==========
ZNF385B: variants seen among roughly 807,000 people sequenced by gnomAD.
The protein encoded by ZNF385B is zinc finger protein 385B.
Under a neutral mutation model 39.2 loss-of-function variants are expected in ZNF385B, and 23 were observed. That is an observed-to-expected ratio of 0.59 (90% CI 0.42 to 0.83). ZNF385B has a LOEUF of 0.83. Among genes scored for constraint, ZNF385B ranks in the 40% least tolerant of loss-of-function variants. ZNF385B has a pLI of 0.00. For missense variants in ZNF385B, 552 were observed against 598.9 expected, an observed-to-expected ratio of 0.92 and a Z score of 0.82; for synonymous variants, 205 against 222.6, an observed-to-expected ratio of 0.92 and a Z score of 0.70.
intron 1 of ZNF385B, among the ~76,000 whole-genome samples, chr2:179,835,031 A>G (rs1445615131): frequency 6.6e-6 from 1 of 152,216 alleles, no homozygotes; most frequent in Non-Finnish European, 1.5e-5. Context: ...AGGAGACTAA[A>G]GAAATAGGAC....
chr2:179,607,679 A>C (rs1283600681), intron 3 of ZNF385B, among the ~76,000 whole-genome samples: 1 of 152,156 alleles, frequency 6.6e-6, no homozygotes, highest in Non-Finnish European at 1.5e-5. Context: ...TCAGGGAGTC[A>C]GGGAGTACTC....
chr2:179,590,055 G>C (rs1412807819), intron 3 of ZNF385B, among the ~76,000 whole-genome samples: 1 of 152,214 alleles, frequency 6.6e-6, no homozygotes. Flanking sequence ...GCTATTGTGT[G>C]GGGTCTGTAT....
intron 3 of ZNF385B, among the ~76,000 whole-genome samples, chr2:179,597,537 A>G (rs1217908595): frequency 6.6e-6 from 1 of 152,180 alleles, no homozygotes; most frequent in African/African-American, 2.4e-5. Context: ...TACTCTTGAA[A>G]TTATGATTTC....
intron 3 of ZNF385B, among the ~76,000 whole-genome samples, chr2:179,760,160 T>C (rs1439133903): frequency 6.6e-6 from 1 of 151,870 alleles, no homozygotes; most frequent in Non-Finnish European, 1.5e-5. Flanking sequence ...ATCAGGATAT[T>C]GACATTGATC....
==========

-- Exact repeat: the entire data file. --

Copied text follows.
ZNF385B: variants seen among roughly 807,000 people sequenced by gnomAD.
The protein encoded by ZNF385B is zinc finger protein 385B.
Under a neutral mutation model 39.2 loss-of-function variants are expected in ZNF385B, and 23 were observed. That is an observed-to-expected ratio of 0.59 (90% CI 0.42 to 0.83). ZNF385B has a LOEUF of 0.83. Among genes scored for constraint, ZNF385B ranks in the 40% least tolerant of loss-of-function variants. ZNF385B has a pLI of 0.00. For missense variants in ZNF385B, 552 were observed against 598.9 expected, an observed-to-expected ratio of 0.92 and a Z score of 0.82; for synonymous variants, 205 against 222.6, an observed-to-expected ratio of 0.92 and a Z score of 0.70.
intron 1 of ZNF385B, among the ~76,000 whole-genome samples, chr2:179,835,031 A>G (rs1445615131): frequency 6.6e-6 from 1 of 152,216 alleles, no homozygotes; most frequent in Non-Finnish European, 1.5e-5. Context: ...AGGAGACTAA[A>G]GAAATAGGAC....
chr2:179,607,679 A>C (rs1283600681), intron 3 of ZNF385B, among the ~76,000 whole-genome samples: 1 of 152,156 alleles, frequency 6.6e-6, no homozygotes, highest in Non-Finnish European at 1.5e-5. Context: ...TCAGGGAGTC[A>C]GGGAGTACTC....
chr2:179,590,055 G>C (rs1412807819), intron 3 of ZNF385B, among the ~76,000 whole-genome samples: 1 of 152,214 alleles, frequency 6.6e-6, no homozygotes. Flanking sequence ...GCTATTGTGT[G>C]GGGTCTGTAT....
intron 3 of ZNF385B, among the ~76,000 whole-genome samples, chr2:179,597,537 A>G (rs1217908595): frequency 6.6e-6 from 1 of 152,180 alleles, no homozygotes; most frequent in African/African-American, 2.4e-5. Context: ...TACTCTTGAA[A>G]TTATGATTTC....
intron 3 of ZNF385B, among the ~76,000 whole-genome samples, chr2:179,760,160 T>C (rs1439133903): frequency 6.6e-6 from 1 of 151,870 alleles, no homozygotes; most frequent in Non-Finnish European, 1.5e-5. Flanking sequence ...ATCAGGATAT[T>C]GACATTGATC....